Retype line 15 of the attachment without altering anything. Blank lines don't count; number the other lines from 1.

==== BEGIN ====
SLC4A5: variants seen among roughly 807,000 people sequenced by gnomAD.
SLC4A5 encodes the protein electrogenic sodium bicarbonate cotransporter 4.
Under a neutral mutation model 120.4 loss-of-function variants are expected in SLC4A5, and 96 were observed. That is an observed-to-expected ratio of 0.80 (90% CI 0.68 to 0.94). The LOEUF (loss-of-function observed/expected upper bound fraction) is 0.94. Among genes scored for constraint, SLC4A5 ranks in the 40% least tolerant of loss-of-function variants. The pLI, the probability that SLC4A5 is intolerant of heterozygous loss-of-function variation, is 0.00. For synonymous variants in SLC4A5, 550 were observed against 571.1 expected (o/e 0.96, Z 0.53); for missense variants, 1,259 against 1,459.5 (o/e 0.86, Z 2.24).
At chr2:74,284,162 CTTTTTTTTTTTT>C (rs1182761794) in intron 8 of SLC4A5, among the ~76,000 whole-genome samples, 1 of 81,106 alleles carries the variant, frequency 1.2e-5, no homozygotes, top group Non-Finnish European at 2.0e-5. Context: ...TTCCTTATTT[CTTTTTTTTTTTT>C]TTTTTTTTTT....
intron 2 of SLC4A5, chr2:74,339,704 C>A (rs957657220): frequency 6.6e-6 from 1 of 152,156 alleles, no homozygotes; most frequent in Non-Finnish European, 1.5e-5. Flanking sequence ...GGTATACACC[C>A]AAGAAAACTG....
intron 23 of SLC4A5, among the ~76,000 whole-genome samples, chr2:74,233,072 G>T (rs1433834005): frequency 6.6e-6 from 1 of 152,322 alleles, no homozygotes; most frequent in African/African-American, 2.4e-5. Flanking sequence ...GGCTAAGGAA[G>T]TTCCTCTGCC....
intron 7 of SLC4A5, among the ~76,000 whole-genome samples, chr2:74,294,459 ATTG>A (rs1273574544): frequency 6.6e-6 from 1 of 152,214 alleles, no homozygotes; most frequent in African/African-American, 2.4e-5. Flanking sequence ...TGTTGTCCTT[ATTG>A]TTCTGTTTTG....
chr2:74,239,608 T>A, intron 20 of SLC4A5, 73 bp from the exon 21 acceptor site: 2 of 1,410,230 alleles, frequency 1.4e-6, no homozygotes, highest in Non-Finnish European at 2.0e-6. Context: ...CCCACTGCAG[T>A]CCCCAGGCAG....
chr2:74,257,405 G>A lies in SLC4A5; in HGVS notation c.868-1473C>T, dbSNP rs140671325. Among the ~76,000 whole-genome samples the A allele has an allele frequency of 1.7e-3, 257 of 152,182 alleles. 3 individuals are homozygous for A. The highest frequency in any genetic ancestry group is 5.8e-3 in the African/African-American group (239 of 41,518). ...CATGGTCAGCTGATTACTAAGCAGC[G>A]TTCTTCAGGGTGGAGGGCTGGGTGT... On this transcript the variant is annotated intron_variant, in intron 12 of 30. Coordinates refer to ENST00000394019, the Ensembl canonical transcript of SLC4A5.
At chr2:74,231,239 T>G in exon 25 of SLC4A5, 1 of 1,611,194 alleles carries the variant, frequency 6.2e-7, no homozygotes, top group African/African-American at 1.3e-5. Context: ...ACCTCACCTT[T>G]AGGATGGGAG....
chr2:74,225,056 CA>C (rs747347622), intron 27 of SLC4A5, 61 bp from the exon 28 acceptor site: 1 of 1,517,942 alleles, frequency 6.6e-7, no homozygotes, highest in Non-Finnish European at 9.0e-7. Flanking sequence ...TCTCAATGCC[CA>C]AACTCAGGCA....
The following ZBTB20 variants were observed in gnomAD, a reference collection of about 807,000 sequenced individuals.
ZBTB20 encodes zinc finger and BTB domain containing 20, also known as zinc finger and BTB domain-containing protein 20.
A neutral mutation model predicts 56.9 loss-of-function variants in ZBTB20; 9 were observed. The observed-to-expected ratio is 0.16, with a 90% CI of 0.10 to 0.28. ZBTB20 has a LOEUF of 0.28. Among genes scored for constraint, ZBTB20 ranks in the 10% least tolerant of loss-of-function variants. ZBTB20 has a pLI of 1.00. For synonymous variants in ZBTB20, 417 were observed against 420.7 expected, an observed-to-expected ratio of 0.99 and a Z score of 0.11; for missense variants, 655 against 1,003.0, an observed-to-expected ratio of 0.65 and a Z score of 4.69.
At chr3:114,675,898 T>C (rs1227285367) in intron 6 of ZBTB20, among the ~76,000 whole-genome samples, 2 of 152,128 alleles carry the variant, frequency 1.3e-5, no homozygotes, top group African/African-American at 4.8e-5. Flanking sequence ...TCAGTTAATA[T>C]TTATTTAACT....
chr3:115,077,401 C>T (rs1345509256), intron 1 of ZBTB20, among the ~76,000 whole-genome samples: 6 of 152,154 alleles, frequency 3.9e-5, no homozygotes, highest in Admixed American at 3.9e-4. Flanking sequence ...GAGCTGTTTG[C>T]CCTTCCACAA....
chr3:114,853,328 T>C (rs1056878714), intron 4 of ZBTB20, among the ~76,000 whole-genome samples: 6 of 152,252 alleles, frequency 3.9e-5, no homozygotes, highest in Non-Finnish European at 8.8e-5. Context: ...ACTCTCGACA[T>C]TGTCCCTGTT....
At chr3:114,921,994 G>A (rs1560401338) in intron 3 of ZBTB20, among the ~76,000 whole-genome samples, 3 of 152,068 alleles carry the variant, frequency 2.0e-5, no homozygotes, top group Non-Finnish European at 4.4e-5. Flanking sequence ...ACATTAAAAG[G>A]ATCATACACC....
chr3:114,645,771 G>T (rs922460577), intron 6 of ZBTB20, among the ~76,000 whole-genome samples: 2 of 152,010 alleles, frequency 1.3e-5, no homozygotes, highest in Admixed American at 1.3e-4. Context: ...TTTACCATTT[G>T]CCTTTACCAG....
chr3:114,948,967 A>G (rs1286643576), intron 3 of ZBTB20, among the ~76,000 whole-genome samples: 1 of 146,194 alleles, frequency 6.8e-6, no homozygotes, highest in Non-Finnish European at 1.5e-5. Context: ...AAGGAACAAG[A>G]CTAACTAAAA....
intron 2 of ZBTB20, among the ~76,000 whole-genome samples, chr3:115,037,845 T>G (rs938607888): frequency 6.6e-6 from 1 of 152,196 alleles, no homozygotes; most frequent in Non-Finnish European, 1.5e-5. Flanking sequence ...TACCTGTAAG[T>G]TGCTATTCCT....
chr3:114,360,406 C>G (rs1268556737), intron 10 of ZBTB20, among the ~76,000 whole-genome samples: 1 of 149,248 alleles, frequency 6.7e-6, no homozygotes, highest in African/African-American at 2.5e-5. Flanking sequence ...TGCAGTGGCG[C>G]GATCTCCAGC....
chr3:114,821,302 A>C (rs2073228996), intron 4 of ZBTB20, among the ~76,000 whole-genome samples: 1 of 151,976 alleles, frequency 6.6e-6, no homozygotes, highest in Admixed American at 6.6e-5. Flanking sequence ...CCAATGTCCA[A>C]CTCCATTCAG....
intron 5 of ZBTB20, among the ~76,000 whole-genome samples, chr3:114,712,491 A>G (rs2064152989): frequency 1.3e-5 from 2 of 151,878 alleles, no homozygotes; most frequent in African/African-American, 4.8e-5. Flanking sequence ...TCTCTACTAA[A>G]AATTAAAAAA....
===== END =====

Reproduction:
At chr3:114,675,898 T>C (rs1227285367) in intron 6 of ZBTB20, among the ~76,000 whole-genome samples, 2 of 152,128 alleles carry the variant, frequency 1.3e-5, no homozygotes, top group African/African-American at 4.8e-5. Flanking sequence ...TCAGTTAATA[T>C]TTATTTAACT....